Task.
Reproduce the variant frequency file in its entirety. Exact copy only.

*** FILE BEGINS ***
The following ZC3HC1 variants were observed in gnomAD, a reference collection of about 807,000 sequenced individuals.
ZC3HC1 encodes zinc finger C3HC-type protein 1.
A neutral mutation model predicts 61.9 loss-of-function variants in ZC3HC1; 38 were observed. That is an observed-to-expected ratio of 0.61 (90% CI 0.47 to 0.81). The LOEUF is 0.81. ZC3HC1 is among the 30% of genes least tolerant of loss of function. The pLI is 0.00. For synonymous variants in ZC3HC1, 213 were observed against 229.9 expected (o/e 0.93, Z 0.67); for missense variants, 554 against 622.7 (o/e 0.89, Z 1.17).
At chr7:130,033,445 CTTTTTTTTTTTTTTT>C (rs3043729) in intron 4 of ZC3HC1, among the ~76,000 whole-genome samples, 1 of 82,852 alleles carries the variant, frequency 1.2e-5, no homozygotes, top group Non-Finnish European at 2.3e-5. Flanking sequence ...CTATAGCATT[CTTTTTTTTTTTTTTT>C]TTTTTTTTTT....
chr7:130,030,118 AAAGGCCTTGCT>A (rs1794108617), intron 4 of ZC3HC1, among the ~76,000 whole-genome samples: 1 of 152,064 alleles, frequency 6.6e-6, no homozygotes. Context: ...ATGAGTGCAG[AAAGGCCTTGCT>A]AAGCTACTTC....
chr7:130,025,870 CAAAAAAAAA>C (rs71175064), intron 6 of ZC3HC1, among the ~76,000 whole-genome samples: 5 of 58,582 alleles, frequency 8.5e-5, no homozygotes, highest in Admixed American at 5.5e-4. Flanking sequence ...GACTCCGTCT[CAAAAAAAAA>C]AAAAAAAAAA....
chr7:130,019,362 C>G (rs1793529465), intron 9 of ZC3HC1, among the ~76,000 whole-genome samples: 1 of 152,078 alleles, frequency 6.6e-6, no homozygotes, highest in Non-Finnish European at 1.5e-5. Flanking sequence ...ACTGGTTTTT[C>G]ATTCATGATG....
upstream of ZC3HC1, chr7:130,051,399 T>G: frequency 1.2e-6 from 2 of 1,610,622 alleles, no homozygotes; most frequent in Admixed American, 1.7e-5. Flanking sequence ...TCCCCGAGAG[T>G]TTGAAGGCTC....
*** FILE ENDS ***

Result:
The following ZC3HC1 variants were observed in gnomAD, a reference collection of about 807,000 sequenced individuals.
ZC3HC1 encodes zinc finger C3HC-type protein 1.
A neutral mutation model predicts 61.9 loss-of-function variants in ZC3HC1; 38 were observed. That is an observed-to-expected ratio of 0.61 (90% CI 0.47 to 0.81). The LOEUF is 0.81. ZC3HC1 is among the 30% of genes least tolerant of loss of function. The pLI is 0.00. For synonymous variants in ZC3HC1, 213 were observed against 229.9 expected (o/e 0.93, Z 0.67); for missense variants, 554 against 622.7 (o/e 0.89, Z 1.17).
At chr7:130,033,445 CTTTTTTTTTTTTTTT>C (rs3043729) in intron 4 of ZC3HC1, among the ~76,000 whole-genome samples, 1 of 82,852 alleles carries the variant, frequency 1.2e-5, no homozygotes, top group Non-Finnish European at 2.3e-5. Flanking sequence ...CTATAGCATT[CTTTTTTTTTTTTTTT>C]TTTTTTTTTT....
chr7:130,030,118 AAAGGCCTTGCT>A (rs1794108617), intron 4 of ZC3HC1, among the ~76,000 whole-genome samples: 1 of 152,064 alleles, frequency 6.6e-6, no homozygotes. Context: ...ATGAGTGCAG[AAAGGCCTTGCT>A]AAGCTACTTC....
chr7:130,025,870 CAAAAAAAAA>C (rs71175064), intron 6 of ZC3HC1, among the ~76,000 whole-genome samples: 5 of 58,582 alleles, frequency 8.5e-5, no homozygotes, highest in Admixed American at 5.5e-4. Flanking sequence ...GACTCCGTCT[CAAAAAAAAA>C]AAAAAAAAAA....
chr7:130,019,362 C>G (rs1793529465), intron 9 of ZC3HC1, among the ~76,000 whole-genome samples: 1 of 152,078 alleles, frequency 6.6e-6, no homozygotes, highest in Non-Finnish European at 1.5e-5. Flanking sequence ...ACTGGTTTTT[C>G]ATTCATGATG....
upstream of ZC3HC1, chr7:130,051,399 T>G: frequency 1.2e-6 from 2 of 1,610,622 alleles, no homozygotes; most frequent in Admixed American, 1.7e-5. Flanking sequence ...TCCCCGAGAG[T>G]TTGAAGGCTC....